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I believe that the Keychain’s encryption tech is something that the NSA doesn’t like very much. It’s part of the reason why there are a list of countries where you cannot buy or otherwise import a Mac. Basically, you have until the heat-death of the universe, given a good login password, before it can be brute-forced out. Of course if they really want it, they will get out the nipple clamps and get you to tell them.

Where Apple has been bitten is in the SSL stuff that protects your communication with other servers on the Internet. That was broken, and the breakage was known by a few spooks at the three-letter agencies for a very long time, and was recently fixed. There’s no telling who has your password if it was ever communicated by SSL over the Internet.

Walter

On Jun 22, 2014, at 10:52 AM, tobiaseichner wrote:

Ah, okay. It’s good to know.

“Elliptical encryption”… wasn’t there something in the news about certain algorithms are coming with NSA-made holes ?

Tobias.


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Spoken in general, in my mind people should take much more care about their privacy and protection of personal data. But it’s hard to put this across to people used to turn on their computers with the single push of a button without caring how things is working in the background.

And as long as the latest cool iPhone game is available free of charge, most don’t care that they pay with their privacy.

Tobias.


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Getting back to your question, I just tested this in Freeway 6. Since all of your elements are inline peers, all you need to do to get the effect to work the way you like is to manually add a generous z-index to the sticker element. The element below the sticker is riding up over the top of the sticker because it comes later in the source order, and absent any directive to the contrary, will always be above the elements that came before it.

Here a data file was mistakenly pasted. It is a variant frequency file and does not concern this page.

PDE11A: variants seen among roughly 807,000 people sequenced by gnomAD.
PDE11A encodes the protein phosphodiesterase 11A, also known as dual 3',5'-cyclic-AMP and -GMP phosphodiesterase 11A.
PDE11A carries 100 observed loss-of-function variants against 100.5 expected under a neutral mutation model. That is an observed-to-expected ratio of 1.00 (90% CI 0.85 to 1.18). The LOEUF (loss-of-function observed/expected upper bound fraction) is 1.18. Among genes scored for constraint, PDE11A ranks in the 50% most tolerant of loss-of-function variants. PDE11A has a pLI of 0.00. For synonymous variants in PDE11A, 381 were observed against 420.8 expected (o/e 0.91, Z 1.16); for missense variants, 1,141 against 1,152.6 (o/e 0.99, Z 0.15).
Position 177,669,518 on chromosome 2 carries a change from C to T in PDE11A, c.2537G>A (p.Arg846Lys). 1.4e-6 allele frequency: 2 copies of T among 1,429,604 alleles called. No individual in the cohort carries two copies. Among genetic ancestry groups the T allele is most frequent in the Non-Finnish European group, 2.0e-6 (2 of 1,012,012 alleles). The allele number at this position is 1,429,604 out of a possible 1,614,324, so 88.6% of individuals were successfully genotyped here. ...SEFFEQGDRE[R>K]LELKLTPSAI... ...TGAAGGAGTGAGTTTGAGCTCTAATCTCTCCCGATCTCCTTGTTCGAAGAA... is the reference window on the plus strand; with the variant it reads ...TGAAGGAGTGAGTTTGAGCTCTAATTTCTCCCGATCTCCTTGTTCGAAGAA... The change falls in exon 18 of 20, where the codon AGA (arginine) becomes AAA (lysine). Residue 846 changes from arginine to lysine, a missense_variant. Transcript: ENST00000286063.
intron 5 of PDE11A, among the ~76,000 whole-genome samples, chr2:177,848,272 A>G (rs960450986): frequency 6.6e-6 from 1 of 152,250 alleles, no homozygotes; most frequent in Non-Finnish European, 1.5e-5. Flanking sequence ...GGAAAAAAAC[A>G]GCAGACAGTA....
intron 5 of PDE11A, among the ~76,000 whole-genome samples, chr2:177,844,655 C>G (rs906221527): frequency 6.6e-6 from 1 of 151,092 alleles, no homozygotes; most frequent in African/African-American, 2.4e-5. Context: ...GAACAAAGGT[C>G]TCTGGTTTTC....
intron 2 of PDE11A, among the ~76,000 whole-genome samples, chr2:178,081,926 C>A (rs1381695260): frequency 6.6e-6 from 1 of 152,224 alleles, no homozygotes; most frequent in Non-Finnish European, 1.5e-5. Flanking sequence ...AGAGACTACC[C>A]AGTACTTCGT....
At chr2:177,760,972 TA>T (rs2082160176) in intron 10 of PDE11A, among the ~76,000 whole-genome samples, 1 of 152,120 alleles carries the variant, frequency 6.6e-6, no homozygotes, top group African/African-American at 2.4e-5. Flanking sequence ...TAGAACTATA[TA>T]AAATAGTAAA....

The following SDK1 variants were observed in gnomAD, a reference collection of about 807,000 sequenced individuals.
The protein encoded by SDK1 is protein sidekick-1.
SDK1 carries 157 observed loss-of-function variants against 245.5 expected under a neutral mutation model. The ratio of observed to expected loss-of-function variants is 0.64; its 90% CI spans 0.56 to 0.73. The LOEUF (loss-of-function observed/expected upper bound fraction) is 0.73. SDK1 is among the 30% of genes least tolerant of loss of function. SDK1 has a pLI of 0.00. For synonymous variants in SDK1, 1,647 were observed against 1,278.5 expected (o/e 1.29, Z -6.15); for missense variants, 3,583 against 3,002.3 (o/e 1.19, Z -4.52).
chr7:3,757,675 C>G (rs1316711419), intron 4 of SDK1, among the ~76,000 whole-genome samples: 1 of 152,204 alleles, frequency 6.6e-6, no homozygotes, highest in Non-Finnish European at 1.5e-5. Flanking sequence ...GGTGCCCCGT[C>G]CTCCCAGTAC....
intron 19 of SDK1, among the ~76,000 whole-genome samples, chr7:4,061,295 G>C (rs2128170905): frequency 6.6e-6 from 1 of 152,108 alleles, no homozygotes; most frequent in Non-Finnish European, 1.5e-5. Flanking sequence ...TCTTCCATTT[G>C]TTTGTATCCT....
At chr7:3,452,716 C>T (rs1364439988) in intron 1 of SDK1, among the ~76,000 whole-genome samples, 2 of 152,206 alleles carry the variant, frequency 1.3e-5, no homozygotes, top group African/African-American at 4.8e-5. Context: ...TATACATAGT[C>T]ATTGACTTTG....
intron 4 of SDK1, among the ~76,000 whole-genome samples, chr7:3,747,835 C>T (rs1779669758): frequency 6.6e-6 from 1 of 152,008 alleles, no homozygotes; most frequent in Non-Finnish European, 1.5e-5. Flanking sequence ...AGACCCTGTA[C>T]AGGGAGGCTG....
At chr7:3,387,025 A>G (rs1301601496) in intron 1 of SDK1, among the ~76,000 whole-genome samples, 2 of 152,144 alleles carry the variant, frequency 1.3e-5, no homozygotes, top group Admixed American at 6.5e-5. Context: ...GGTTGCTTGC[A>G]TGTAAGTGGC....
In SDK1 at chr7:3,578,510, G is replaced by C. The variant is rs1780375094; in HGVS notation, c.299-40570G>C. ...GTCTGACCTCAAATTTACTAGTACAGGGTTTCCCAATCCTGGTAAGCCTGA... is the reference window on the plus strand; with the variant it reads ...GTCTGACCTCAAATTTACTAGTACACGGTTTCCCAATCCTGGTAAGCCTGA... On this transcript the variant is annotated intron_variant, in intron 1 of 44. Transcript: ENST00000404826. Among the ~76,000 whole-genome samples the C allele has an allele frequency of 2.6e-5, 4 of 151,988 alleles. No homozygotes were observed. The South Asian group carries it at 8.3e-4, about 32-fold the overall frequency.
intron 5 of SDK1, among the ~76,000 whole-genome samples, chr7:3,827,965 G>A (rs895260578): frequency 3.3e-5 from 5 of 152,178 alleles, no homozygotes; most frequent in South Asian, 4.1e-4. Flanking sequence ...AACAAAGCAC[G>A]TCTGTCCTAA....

Click once on your sticker, choose Item / Extended (option-command-x) and then the

segment of the dialog. Click Add, and enter z-index in the Name field and some large number like 20 in the Value field. Okay out of the stack of dialogs, and preview in a browser. The sticker should vault over the top of the other elements and stick at the top of the screen when you scroll past it.

Walter

On Jun 22, 2014, at 11:06 AM, tobiaseichner wrote:

Spoken in general, in my mind people should take much more care about their privacy and protection of personal data. But it’s hard to put this across to people used to turn on their computers with the single push of a button without caring how things is working in the background.

And as long as the latest cool iPhone game is available free of charge, most don’t care that they pay with their privacy.

Tobias.


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That did the trick ! Thank you.

Tobias.